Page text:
plant_poles=pole(G), plant_zeros=tzero(G)
plant_poles =

  -5.6757 + 0.0000i
   0.6898 + 0.2488i
   0.6898 - 0.2488i
  -0.2578 + 0.0000i
 -30.0000 + 0.0000i
 -30.0000 + 0.0000i

plant_zeros =


We'll use sigma to plot the min and max I/O gain as a function of frequency:

clf, sigma(G,'g',{.1,100});
title('Singular value plot for aircraft model G(s)');

Figure 4: Singular value plot for aircraft model G(s).

Step 2: Specifying the Target Desired Loop Shape Gd

For this design we use the target loop shape Gd(s)=8/s corresponding to a rise time of about 1/8=0.125 sec.

s=zpk('s'); % Laplace variable s
sigma(Gd,{.1 100}), grid, title('Target loop shape Gd(s).')

% create textarrow pointing to crossover frequency Wc
hold on;
plot([.1,100],[0 0],'k');
text(3,23,'Crossover Frequency \omega_c = 8');
hold off;

Figure 5: Target loop shape Gd(s).

Step 3: Using LOOPSYN to Compute the Optimal Loop-Shaping Controller

Now, we're ready to design an H-infinity controller K, such that the gains of the open-loop response G(s)*K(s) match the target-loop shape Gd as well as possible (while stabilizing the aircraft dynamics).

[K,CL,GAM] = loopsyn(G,Gd);


The value GAM=1.6445 indicates that the target-loop shape was met within +/-4.3dB (using 20*log10(GAM)=4.32). Compare the singular values of the open-loop L=G*K with the target-loop shape Gd:

L=G*K;              % form the compensated loop L
legend('Gd (target loop shape)','L (actual loop shape)');

Figure 6: Singular values of L compared to Gd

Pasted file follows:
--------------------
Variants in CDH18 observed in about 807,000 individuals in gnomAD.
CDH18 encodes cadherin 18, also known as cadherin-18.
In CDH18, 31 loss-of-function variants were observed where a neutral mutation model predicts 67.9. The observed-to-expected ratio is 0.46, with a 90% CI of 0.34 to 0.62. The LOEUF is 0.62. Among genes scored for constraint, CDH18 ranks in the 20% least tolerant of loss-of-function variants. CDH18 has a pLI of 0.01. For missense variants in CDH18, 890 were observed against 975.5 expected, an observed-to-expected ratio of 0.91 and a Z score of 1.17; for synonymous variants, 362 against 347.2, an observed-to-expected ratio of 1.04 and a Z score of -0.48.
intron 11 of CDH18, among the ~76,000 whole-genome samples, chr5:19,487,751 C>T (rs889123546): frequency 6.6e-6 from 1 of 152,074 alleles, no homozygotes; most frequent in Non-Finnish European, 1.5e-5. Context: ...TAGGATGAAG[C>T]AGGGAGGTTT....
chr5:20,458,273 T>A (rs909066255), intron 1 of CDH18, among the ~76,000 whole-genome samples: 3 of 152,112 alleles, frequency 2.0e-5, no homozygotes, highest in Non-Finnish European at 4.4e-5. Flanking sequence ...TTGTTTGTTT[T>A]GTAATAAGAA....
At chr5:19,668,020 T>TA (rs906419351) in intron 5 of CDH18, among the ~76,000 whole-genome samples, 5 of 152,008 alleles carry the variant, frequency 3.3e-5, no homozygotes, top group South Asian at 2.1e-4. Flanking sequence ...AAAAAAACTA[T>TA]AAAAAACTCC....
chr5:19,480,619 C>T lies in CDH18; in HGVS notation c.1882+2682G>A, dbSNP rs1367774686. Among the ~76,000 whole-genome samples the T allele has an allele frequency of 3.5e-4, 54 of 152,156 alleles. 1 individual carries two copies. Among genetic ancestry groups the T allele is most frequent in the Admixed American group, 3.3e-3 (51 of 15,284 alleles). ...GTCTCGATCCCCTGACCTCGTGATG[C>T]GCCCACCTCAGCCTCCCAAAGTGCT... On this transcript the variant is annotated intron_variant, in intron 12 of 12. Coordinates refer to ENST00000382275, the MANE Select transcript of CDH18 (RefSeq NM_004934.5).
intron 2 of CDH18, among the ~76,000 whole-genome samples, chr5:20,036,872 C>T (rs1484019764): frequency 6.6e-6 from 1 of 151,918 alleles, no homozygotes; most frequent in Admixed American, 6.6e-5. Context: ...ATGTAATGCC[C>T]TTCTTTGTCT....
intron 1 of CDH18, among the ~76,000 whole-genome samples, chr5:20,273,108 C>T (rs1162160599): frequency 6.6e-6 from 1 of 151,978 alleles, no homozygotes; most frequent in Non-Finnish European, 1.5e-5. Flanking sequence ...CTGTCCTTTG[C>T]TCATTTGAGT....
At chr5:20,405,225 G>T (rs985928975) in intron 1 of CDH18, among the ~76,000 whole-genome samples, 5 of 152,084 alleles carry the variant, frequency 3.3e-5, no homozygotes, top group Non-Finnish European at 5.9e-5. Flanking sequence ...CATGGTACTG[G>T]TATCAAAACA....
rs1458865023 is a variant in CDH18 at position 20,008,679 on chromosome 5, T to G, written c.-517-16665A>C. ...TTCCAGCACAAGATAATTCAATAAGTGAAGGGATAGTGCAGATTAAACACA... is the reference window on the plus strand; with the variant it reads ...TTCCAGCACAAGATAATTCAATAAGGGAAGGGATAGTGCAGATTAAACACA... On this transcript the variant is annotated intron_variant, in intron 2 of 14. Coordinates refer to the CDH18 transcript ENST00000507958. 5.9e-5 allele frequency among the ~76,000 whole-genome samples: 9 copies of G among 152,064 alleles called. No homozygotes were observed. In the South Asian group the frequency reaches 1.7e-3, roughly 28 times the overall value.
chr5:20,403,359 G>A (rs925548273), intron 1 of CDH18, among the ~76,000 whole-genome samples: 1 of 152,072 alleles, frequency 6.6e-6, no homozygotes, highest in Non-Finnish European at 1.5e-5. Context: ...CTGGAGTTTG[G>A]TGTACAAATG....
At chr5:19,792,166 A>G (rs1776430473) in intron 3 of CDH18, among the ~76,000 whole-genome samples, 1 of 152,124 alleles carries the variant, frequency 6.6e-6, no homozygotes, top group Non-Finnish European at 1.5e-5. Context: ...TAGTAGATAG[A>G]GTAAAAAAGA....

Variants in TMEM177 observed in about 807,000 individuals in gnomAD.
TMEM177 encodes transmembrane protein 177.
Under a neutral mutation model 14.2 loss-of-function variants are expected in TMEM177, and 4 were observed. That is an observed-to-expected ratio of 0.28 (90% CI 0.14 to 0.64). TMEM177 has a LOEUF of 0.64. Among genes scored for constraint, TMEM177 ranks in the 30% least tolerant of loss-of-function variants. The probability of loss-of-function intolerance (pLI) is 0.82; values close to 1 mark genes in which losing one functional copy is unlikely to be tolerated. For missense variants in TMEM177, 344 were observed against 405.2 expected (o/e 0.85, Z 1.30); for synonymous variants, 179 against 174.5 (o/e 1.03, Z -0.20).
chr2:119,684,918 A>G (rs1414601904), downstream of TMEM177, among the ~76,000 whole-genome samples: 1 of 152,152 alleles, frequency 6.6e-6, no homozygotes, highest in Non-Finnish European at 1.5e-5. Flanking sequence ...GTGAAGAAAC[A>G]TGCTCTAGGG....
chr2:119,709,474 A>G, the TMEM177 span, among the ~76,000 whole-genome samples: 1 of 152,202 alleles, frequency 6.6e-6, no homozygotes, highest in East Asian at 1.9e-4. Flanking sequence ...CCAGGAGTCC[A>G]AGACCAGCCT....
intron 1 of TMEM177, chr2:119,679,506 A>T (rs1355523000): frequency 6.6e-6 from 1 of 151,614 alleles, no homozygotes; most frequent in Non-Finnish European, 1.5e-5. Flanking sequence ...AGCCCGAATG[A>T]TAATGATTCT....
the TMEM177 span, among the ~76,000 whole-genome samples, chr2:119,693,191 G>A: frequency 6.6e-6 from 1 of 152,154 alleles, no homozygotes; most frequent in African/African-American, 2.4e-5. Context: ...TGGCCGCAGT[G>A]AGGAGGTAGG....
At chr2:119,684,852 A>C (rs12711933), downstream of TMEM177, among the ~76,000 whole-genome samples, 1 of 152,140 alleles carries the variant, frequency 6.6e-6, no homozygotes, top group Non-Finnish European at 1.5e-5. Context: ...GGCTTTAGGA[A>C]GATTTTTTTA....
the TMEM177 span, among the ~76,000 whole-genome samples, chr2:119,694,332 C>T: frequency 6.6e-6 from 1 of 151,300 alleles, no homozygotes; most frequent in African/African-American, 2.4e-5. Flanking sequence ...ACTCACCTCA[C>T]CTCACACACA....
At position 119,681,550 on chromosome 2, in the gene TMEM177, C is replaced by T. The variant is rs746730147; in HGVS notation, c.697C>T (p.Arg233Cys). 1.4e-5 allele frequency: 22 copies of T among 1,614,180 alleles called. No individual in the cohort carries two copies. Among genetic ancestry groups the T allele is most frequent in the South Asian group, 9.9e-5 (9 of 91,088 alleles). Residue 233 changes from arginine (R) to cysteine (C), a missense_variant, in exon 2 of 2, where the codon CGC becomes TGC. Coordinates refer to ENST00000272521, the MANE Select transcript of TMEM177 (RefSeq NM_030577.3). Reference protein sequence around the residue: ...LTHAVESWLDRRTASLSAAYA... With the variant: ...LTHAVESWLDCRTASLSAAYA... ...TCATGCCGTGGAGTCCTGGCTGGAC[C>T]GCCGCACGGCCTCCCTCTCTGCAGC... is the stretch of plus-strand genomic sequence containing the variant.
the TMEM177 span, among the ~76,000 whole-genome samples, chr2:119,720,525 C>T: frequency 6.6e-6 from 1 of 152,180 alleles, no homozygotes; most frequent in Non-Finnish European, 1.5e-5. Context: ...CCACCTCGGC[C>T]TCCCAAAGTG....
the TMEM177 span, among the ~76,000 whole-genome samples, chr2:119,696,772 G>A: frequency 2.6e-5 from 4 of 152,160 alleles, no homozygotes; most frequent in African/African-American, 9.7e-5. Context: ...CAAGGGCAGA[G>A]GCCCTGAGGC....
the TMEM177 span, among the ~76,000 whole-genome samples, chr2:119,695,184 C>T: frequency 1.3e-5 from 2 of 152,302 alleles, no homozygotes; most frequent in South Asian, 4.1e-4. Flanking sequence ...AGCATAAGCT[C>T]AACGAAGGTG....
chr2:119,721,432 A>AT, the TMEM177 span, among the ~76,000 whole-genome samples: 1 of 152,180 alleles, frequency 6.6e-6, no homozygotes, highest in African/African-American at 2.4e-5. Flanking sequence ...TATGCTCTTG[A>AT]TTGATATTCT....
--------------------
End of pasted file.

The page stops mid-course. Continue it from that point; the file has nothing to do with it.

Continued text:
Step 4: Analyzing the Shaped-Loop L, Closed-Loop T, and Sensitivity S

Next we'll compare the gains of the open-loop transfer L, closed-loop transfer T, and sensitivity function S.

T = feedback(L,eye(2));
T.InputName = {'alpha command','theta command'};
S = eye(2)-T;

% SIGMA frequency response plots
legend('1/\sigma(S) performance',...
	'\sigma(T) robustness',...
	'\sigma(L) open loop',...
	'\sigma(Gd) target loop shape',...
	'\sigma(Gd) \pm GAM(dB)');
% Make lines wider and fonts larger

Figure 7: Sigma frequency response plots.

Step 5: Verifying that the Closed-Loop Responses Meet Your


Finally, in this step we plot the step responses of the closed-loop system T.

title('Responses to step commands for alpha and theta');

Figure 8: Responses to step commands for alpha and theta.

Our design looks good. The alpha and theta controls are fairly decoupled, overshoot is less the 15 percent, and peak time is only 0.5 sec.

Controller Simplification

We just designed a 2-input, 2-output controller K with satisfactory performance. However this controller has fairly high order:

State-space model with 2 outputs, 2 inputs, and 16 states.

We can now use model reduction algorithms to try to simplify this controller while retaining its performance characteristics. First we compute the Hankel singular values of K to understand how many controller states effectively contribute to the control law:

hsv = hankelsv(K);
semilogy(hsv,'*--'), grid
title('Hankel singular values of K'), xlabel('Order')

Figure 9: Hankel singular values of K.

The Hankel singular values (HSV) measure the relative energy of each state in a balanced realization of K. Notice that the HSV for the 10th state is four orders of magnitude smaller than for the 9th state, so try computing a 9th-order approximation of K

Kr = reduce(K,9);
ans =


The simplified controller Kr has order 9 compared to 16 for the initial controller K. Compare the approximation error K-Kr across frequency with the gains of K.

legend('K','error K-Kr')

This plot suggests that the approximation error is small in relative terms, so go ahead and compare the closed-loop responses with the original and simplified controllers K and Kr

Tr = feedback(G*Kr,eye(2));
title('Responses to step commands for alpha and theta');

Figure 11: Responses to step commands for alpha and theta.

The two responses are indistinguishable so the simplified 9th-order controller Kr is a good substitute for K for implementation purposes.